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Self-Reliance and Other Essays (Dover Thrift Editions) [Kindle Edition]

Ralph Waldo Emerson
4.5 out of 5 stars  See all reviews (42 customer reviews)

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Book Description

The 6 essays and one address in this volume outline the great transcendentalist's moral idealism as well as hinting at the later scepticism that colored his thought. In addition to the celebrated title essay, the others included here are "History," "Friendship," "The Over-Soul," "The Poet" and "Experience," plus the well-known and frequently read Harvard Divinity School Address.

Editorial Reviews

About the Author

Ralph Waldo Emerson (1803–1882) was an American essayist, lecturer, and poet, who led the Transcendentalist movement of the mid-19th century. He was seen as a champion of individualism and a prescient critic of the countervailing pressures of society, and he disseminated his thoughts through dozens of published essays and more than 1,500 public lectures across the United States. Emerson gradually moved away from the religious and social beliefs of his contemporaries, formulating and expressing the philosophy of Transcendentalism in his 1836 essay, Nature. Following this ground-breaking work, he gave a speech entitled The American Scholar in 1837, which Oliver Wendell Holmes, Sr. considered to be America's "Intellectual Declaration of Independence". Considered one of the great lecturers of the time, Emerson had an enthusiasm and respect for his audience that enraptured crowds. Emerson wrote most of his important essays as lectures first, then revised them for print. His first two collections of essays – Essays: First Series and Essays: Second Series, published respectively in 1841 and 1844 – represent the core of his thinking, and include such well-known essays as Self-Reliance, The Over-Soul, Circles, The Poet and Experience. Together with Nature, these essays made the decade from the mid-1830s to the mid-1840s Emerson's most fertile period. Emerson wrote on a number of subjects, never espousing fixed philosophical tenets, but developing certain ideas such as individuality, freedom, the ability for man to realize almost anything, and the relationship between the soul and the surrounding world. Emerson's "nature" was more philosophical than naturalistic; "Philosophically considered, the universe is composed of Nature and the Soul." While his writing style can be seen as somewhat impenetrable, and was thought so even in his own time, Emerson's essays remain one of the linchpins of American thinking, and Emerson's work has greatly influenced the thinkers, writers and poets that have followed him. When asked to sum up his work, he said his central doctrine was "the infinitude of the private man."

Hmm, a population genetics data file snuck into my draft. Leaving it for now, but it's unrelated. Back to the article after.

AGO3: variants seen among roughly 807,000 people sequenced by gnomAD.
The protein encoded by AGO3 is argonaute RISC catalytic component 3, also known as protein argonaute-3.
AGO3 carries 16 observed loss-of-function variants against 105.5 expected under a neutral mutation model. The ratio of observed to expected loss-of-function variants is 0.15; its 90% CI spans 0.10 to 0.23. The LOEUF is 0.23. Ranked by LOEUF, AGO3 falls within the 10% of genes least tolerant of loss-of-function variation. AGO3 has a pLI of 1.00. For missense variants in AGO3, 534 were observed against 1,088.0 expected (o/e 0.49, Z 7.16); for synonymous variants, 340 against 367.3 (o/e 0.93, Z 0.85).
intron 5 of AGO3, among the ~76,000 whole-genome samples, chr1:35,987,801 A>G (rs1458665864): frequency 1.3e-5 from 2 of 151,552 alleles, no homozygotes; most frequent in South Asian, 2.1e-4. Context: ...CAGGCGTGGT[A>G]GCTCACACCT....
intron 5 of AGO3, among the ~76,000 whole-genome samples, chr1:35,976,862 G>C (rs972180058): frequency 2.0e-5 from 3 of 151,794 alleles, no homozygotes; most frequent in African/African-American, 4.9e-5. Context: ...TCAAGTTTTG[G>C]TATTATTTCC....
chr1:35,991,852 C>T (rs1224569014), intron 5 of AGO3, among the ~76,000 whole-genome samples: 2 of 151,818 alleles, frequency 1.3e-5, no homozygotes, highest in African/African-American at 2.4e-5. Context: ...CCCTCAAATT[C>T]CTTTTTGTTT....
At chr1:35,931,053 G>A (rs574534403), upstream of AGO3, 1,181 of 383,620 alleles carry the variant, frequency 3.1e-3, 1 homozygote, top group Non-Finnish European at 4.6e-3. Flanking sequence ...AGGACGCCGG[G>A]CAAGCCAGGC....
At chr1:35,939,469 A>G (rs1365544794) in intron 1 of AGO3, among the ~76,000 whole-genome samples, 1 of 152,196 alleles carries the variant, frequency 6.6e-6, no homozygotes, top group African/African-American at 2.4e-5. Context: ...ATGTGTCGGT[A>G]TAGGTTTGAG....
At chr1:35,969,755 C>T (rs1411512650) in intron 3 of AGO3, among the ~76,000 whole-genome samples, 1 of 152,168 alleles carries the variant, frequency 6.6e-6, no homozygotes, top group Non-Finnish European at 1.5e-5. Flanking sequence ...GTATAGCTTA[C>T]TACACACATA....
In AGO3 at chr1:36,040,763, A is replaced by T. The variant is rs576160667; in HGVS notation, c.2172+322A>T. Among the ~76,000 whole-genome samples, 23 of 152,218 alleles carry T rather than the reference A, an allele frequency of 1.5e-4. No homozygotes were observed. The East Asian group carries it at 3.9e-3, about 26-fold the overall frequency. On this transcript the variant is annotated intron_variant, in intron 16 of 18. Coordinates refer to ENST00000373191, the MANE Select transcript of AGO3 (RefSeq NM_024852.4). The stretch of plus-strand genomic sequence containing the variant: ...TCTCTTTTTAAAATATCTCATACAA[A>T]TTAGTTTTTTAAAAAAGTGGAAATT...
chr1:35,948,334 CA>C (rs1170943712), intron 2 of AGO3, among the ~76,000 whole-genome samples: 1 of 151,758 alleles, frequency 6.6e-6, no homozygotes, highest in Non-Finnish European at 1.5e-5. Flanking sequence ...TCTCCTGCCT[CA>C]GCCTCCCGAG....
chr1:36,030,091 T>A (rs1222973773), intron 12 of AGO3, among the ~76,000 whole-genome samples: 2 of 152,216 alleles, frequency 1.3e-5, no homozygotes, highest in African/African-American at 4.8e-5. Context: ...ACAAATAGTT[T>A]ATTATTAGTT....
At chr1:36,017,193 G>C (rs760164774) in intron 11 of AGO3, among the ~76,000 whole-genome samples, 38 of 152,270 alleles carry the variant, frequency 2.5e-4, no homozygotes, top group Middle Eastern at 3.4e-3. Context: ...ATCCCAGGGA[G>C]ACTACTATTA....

Product Details

  • File Size: 645 KB
  • Print Length: 128 pages
  • Publisher: Dover Publications; Unabridged edition (February 7, 2012)
  • Sold by: Amazon Digital Services, Inc.
  • Language: English
  • ASIN: B008TVLOF2
  • Text-to-Speech: Enabled
  • X-Ray:
  • Lending: Enabled
  • Amazon Best Sellers Rank: #38,413 Paid in Kindle Store (See Top 100 Paid in Kindle Store)
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Customer Reviews

Most Helpful Customer Reviews
87 of 89 people found the following review helpful
5.0 out of 5 stars Mighty thoughts that can shake your life! July 15, 1998
This is one of the greatest books I have ever read. I know that many people don't like to read essays of any kind, but all I can say is that Ralph Waldo Emerson is simply different! Nobody has the gift to write essays and analyze life like him.
His words and ideas are so powerful and deep that we soon realize that they didn't come only from a brilliant mind, but also from a warm-hearted soul!
That's exactly what this book is about: Its sentences break through your brain and penetrate right into your soul! Emerson's optimistic view on human beings and life can only reinforce our courage in mankind and, especially, in ourselves!